I helped facilitate a session on digital skills at the 2015 Digital Leaders conference, today. This network is worth getting involved with, or revisiting if you haven’t attended any of their events lately.
There was a lot of discussion about digital skills in the public and private sector. Quite rightly, much of this focussed on preparing tomorrow’s workforce.
My concern is with today’s workforce – particularly the managers and leaders who will still be in post in five or even ten years’ time, and will need to understand and inspire their new colleagues.
I recounted the story of a senior civil servant who, during an experimental digital coaching session, told me of his experience of learning new technologies in the workplace:
First, I was trained in how to make use of the typing pool. Then came personal computers at everyone’s desks. Now you’re here showing me how to use the internet to understand what people are saying about our policies.
These are big steps. These people (however senior) need to be ready and able to inspire their next cohort of recruits.
They must be able to think and ‘do’ digital in practice – not just talk about strategies and throw around vague words like ‘impact’ and ‘vision’.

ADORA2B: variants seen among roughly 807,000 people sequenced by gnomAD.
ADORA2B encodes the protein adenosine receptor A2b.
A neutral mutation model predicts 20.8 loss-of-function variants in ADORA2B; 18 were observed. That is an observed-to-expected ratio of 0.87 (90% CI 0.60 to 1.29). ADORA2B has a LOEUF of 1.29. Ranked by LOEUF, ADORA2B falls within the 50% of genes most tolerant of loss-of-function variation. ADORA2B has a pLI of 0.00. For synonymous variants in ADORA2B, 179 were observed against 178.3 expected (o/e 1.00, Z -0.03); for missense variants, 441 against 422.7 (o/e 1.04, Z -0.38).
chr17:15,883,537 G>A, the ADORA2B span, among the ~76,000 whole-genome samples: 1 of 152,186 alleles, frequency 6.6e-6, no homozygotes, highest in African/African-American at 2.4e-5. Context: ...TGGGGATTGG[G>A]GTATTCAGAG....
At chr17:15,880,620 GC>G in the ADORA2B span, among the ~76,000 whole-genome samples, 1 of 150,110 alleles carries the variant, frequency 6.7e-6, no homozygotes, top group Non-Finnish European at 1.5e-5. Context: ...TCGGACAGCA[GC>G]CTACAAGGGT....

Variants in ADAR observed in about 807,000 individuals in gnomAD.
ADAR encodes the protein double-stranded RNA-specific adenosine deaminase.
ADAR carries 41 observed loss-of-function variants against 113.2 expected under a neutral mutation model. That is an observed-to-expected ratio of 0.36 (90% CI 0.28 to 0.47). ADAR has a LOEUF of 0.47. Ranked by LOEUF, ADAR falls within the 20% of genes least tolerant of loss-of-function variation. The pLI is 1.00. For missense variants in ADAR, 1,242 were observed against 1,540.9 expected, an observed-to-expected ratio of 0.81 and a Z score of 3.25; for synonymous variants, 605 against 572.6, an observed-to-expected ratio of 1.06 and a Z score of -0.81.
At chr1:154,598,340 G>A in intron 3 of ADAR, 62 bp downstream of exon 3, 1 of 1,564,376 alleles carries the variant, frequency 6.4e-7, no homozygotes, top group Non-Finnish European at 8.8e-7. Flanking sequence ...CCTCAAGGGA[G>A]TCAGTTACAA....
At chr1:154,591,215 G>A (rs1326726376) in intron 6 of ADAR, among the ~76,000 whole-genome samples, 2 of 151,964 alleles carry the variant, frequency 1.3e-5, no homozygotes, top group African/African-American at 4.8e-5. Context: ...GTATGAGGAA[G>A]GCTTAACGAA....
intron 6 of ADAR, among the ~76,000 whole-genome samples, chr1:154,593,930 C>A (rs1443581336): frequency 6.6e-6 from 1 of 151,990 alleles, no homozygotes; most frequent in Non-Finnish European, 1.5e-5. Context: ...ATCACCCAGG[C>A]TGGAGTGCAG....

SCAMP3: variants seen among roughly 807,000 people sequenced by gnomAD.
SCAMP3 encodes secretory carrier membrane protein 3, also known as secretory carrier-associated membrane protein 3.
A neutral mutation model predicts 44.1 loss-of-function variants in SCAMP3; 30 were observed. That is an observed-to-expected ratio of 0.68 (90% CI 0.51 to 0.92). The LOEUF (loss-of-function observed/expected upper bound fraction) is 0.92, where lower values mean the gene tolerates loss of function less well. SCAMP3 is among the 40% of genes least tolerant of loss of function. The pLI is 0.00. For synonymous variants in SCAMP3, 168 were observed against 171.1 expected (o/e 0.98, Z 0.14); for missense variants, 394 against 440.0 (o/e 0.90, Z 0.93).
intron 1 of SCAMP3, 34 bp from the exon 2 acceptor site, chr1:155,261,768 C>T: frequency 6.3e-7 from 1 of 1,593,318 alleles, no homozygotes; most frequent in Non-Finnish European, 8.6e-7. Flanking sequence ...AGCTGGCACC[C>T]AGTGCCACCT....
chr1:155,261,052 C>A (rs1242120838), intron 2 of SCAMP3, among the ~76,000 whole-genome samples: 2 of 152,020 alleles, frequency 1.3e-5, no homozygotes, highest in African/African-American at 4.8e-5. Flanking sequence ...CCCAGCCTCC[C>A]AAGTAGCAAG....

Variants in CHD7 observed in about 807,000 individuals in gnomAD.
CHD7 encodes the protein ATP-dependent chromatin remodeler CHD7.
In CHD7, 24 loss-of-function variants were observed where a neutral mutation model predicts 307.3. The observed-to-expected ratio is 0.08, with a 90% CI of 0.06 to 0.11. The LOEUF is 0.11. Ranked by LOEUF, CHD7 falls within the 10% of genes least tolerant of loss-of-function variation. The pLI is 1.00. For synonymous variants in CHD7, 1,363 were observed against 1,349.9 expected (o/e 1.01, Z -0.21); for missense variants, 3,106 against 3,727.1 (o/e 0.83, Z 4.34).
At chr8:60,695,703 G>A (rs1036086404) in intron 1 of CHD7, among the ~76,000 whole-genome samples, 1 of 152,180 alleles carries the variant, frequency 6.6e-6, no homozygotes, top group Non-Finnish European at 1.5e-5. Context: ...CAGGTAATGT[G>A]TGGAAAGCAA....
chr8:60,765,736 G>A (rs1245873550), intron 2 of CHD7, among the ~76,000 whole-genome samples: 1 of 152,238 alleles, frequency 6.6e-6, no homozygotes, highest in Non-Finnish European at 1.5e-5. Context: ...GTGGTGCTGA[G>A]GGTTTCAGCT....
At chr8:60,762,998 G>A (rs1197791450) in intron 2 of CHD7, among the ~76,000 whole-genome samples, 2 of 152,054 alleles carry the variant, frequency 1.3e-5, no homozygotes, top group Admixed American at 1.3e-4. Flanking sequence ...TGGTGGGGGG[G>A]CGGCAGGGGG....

I suggest there are four traits we need to keep an eye out for, in the workplace:
- Get staff confident. Recognise that fear often hides behind talk of security or lack of time. Level the playing field, and explain that no-one is the definitive expert. We’re all learning.
- Encourage staff to draw direct links between the things they do online at home, and how this might be relevant to work. Think: online services, sharing and building of information, news consumption.
- Properly incentivise and reward learning in the workplace. Skills won’t be developed if people aren’t confident, and the only thing that’s rewarded is long hours and a perception of ‘busy’.
- Don’t make digital a silo. That’s the whole reason that most organisations are in a pickle today. Not only does this prevent digital skills establishing a baseline, but it also gives those lacking confidence an excuse not to bother. The guys in jeans downstairs will take care of it.
Some of my colleagues at the conference made compelling cases for retraining the staff you have – the DWP Academy is a good example.